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Cotton: Labour, Land, and Body

Text: Adrian Kreutz


We all own something made of cotton: a t-shirt, socks, or pillowcase. Yet, despite its ubiquity, we rarely talk about the origins of this material, its story, and the political conditions connected to its production and distribution. 

An exhibition at the London Crafts Council explores the colonial and postcolonial legacies of the cotton production and how it shaped the relations between Britain and South Asia. For thousands of years, cotton has been skilfully cultivated and crafted into garments. Merchants of this fluffy fibre have built entire empires. The cotton trade created great wealth for some, and enslavement, poverty, and fatalities for others. The history of entire communities, especially in Asia, is interwoven with the history of the cotton plant.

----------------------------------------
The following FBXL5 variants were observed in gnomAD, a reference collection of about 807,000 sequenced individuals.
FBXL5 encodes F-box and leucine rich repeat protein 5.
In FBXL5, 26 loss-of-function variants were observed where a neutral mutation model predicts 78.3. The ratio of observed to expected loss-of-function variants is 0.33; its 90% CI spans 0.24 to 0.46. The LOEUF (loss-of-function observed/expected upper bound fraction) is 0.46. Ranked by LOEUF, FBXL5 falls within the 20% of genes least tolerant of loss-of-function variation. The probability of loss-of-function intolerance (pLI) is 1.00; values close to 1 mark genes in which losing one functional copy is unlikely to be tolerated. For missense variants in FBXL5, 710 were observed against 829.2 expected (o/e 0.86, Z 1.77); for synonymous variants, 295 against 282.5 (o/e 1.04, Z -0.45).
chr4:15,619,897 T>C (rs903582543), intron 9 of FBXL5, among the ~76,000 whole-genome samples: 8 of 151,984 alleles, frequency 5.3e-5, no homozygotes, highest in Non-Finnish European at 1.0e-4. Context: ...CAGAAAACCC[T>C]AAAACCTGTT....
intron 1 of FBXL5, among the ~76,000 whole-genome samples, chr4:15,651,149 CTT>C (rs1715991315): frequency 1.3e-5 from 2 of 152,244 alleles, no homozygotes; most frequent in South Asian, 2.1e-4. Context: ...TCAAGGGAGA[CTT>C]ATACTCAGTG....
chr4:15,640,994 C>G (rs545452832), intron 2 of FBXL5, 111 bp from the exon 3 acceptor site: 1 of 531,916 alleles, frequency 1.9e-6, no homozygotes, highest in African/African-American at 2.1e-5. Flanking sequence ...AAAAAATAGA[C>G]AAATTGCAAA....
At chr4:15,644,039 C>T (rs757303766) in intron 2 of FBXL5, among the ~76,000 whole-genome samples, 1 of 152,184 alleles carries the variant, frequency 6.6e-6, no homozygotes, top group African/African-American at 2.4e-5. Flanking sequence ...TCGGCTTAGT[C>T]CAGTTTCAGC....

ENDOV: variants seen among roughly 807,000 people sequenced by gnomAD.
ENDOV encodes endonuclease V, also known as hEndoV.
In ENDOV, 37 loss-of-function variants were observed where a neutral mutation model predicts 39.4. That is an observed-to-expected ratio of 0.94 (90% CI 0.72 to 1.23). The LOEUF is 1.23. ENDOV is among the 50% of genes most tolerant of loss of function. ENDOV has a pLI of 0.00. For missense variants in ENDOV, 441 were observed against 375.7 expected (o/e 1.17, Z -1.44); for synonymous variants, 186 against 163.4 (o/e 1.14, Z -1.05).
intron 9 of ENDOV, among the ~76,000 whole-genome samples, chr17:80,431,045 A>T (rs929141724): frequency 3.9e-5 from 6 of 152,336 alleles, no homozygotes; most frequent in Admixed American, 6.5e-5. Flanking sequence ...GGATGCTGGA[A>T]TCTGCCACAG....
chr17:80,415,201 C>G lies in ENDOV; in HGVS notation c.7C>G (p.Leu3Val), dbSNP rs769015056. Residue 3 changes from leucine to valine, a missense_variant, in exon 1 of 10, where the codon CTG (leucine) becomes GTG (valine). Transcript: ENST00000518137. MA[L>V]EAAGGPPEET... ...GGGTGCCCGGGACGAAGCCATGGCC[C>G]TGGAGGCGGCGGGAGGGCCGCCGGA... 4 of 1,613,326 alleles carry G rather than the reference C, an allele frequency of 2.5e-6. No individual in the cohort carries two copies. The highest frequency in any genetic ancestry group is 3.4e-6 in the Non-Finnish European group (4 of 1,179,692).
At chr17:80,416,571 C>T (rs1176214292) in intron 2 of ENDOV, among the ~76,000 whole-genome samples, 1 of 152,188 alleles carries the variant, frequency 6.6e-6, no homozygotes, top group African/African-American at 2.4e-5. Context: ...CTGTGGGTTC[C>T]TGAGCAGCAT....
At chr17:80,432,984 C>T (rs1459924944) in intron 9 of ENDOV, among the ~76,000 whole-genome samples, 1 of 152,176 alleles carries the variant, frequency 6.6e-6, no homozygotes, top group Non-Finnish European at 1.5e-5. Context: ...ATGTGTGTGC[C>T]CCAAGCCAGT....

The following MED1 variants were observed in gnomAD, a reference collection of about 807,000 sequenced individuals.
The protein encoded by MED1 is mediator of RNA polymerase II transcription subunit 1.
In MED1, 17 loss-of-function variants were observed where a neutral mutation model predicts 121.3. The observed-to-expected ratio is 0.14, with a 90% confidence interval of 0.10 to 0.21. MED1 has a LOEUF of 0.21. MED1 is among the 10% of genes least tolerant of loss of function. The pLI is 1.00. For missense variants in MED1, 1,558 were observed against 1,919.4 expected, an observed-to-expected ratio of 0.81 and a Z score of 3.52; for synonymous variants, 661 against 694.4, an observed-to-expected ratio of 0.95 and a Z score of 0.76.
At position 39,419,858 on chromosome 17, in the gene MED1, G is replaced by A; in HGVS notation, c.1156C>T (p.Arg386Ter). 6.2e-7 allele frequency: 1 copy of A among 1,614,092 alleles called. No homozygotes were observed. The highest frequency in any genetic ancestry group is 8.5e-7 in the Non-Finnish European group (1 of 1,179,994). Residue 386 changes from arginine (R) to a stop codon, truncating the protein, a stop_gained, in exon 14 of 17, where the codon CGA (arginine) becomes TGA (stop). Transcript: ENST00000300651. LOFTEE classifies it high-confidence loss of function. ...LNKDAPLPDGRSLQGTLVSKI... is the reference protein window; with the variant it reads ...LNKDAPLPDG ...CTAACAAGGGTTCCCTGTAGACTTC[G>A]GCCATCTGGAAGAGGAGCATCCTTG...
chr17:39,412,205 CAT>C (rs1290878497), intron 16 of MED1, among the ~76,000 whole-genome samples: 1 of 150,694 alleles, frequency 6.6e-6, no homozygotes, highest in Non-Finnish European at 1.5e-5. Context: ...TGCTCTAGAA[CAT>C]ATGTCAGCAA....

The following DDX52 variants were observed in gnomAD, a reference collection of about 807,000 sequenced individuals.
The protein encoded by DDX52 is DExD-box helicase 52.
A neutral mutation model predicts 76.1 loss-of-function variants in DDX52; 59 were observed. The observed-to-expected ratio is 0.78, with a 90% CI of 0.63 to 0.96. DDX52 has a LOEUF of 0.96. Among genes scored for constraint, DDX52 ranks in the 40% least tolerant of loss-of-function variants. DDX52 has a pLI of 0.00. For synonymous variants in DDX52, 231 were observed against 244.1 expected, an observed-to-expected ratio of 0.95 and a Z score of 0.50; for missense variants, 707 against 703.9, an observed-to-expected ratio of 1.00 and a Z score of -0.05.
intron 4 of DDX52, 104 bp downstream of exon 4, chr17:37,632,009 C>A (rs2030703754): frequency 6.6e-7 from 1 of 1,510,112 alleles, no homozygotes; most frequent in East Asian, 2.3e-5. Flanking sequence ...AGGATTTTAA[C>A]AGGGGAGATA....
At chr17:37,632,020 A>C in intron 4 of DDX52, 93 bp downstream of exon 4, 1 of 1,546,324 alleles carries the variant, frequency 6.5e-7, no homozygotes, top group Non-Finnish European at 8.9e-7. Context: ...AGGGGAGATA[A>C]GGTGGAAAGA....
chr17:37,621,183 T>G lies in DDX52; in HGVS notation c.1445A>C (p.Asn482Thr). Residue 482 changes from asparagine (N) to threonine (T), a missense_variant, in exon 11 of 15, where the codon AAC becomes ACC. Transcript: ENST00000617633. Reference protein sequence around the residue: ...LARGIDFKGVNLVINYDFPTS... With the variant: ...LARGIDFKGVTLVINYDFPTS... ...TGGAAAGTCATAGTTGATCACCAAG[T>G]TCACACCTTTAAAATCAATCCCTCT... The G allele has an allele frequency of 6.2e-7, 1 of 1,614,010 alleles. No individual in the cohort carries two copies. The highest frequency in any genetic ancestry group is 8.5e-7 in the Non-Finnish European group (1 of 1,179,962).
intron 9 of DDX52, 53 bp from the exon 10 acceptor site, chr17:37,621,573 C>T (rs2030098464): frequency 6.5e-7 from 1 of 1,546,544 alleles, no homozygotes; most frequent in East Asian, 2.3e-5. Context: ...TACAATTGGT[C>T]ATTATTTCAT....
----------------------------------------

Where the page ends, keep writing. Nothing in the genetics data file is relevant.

The exhibition shows work by the artists Raisa Kabir, Brigid McLeer, Bharti Parmar and Reetu Sattar. They show the history of the cotton fibre through textiles, film, and works on bunched khadi paper. Handwoven jacquard textiles reveal a Bangal script, and intricate paperwork tells the story of Ghandi’s campaign to boycott imported cotton cloth to end British rule in India. 

「Cotton: Labour, Land, and Body」
Crafts Council Gallery , London 

The exhibition Cotton: Labour, Land, and Body can be visited for free until 4 March 2023, Wednesday – Saturday, 11:00 – 5:00pm at the Crafts Council Gallery, N19BY London.

Adrian Kreutz
Political Theorist and writer. Based in London, Adrian teaches philosophy and politics at the University of Oxford, UK.

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